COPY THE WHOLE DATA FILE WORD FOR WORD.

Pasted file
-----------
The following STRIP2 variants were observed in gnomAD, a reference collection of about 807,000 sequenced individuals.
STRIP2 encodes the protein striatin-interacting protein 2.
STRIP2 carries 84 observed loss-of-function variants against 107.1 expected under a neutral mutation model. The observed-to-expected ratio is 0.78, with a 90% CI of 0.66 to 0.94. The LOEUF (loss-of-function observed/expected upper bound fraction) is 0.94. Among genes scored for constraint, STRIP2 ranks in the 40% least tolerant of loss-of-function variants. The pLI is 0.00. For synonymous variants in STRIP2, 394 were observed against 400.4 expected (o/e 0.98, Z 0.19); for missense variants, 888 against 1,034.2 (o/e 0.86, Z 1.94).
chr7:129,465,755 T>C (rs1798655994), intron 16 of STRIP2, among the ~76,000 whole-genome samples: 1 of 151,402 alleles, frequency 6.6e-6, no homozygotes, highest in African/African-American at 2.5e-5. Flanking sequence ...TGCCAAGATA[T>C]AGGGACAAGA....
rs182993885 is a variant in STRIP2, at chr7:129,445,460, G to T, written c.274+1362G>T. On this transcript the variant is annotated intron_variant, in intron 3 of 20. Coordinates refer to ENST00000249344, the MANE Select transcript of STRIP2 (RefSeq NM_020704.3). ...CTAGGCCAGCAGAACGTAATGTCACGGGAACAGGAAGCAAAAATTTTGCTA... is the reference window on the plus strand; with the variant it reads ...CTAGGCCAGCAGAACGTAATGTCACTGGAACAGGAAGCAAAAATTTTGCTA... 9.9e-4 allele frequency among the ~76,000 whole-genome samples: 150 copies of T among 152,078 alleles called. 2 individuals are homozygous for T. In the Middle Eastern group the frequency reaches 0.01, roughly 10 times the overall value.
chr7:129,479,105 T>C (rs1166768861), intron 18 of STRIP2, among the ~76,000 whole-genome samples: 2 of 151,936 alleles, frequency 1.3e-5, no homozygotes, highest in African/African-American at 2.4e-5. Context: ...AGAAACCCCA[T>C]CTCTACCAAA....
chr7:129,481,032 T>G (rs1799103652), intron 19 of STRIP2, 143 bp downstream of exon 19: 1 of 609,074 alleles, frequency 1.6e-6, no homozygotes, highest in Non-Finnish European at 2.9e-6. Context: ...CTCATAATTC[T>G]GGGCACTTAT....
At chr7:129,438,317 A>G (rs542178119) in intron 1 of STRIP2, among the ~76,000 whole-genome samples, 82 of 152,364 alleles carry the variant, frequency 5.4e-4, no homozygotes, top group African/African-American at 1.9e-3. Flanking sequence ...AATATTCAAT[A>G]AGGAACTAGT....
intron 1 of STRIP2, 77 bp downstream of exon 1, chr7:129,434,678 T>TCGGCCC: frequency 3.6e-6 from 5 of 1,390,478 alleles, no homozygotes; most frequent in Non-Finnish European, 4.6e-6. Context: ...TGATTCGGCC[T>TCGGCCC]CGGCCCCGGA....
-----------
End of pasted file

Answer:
The following STRIP2 variants were observed in gnomAD, a reference collection of about 807,000 sequenced individuals.
STRIP2 encodes the protein striatin-interacting protein 2.
STRIP2 carries 84 observed loss-of-function variants against 107.1 expected under a neutral mutation model. The observed-to-expected ratio is 0.78, with a 90% CI of 0.66 to 0.94. The LOEUF (loss-of-function observed/expected upper bound fraction) is 0.94. Among genes scored for constraint, STRIP2 ranks in the 40% least tolerant of loss-of-function variants. The pLI is 0.00. For synonymous variants in STRIP2, 394 were observed against 400.4 expected (o/e 0.98, Z 0.19); for missense variants, 888 against 1,034.2 (o/e 0.86, Z 1.94).
chr7:129,465,755 T>C (rs1798655994), intron 16 of STRIP2, among the ~76,000 whole-genome samples: 1 of 151,402 alleles, frequency 6.6e-6, no homozygotes, highest in African/African-American at 2.5e-5. Flanking sequence ...TGCCAAGATA[T>C]AGGGACAAGA....
rs182993885 is a variant in STRIP2, at chr7:129,445,460, G to T, written c.274+1362G>T. On this transcript the variant is annotated intron_variant, in intron 3 of 20. Coordinates refer to ENST00000249344, the MANE Select transcript of STRIP2 (RefSeq NM_020704.3). ...CTAGGCCAGCAGAACGTAATGTCACGGGAACAGGAAGCAAAAATTTTGCTA... is the reference window on the plus strand; with the variant it reads ...CTAGGCCAGCAGAACGTAATGTCACTGGAACAGGAAGCAAAAATTTTGCTA... 9.9e-4 allele frequency among the ~76,000 whole-genome samples: 150 copies of T among 152,078 alleles called. 2 individuals are homozygous for T. In the Middle Eastern group the frequency reaches 0.01, roughly 10 times the overall value.
chr7:129,479,105 T>C (rs1166768861), intron 18 of STRIP2, among the ~76,000 whole-genome samples: 2 of 151,936 alleles, frequency 1.3e-5, no homozygotes, highest in African/African-American at 2.4e-5. Context: ...AGAAACCCCA[T>C]CTCTACCAAA....
chr7:129,481,032 T>G (rs1799103652), intron 19 of STRIP2, 143 bp downstream of exon 19: 1 of 609,074 alleles, frequency 1.6e-6, no homozygotes, highest in Non-Finnish European at 2.9e-6. Context: ...CTCATAATTC[T>G]GGGCACTTAT....
At chr7:129,438,317 A>G (rs542178119) in intron 1 of STRIP2, among the ~76,000 whole-genome samples, 82 of 152,364 alleles carry the variant, frequency 5.4e-4, no homozygotes, top group African/African-American at 1.9e-3. Flanking sequence ...AATATTCAAT[A>G]AGGAACTAGT....
intron 1 of STRIP2, 77 bp downstream of exon 1, chr7:129,434,678 T>TCGGCCC: frequency 3.6e-6 from 5 of 1,390,478 alleles, no homozygotes; most frequent in Non-Finnish European, 4.6e-6. Context: ...TGATTCGGCC[T>TCGGCCC]CGGCCCCGGA....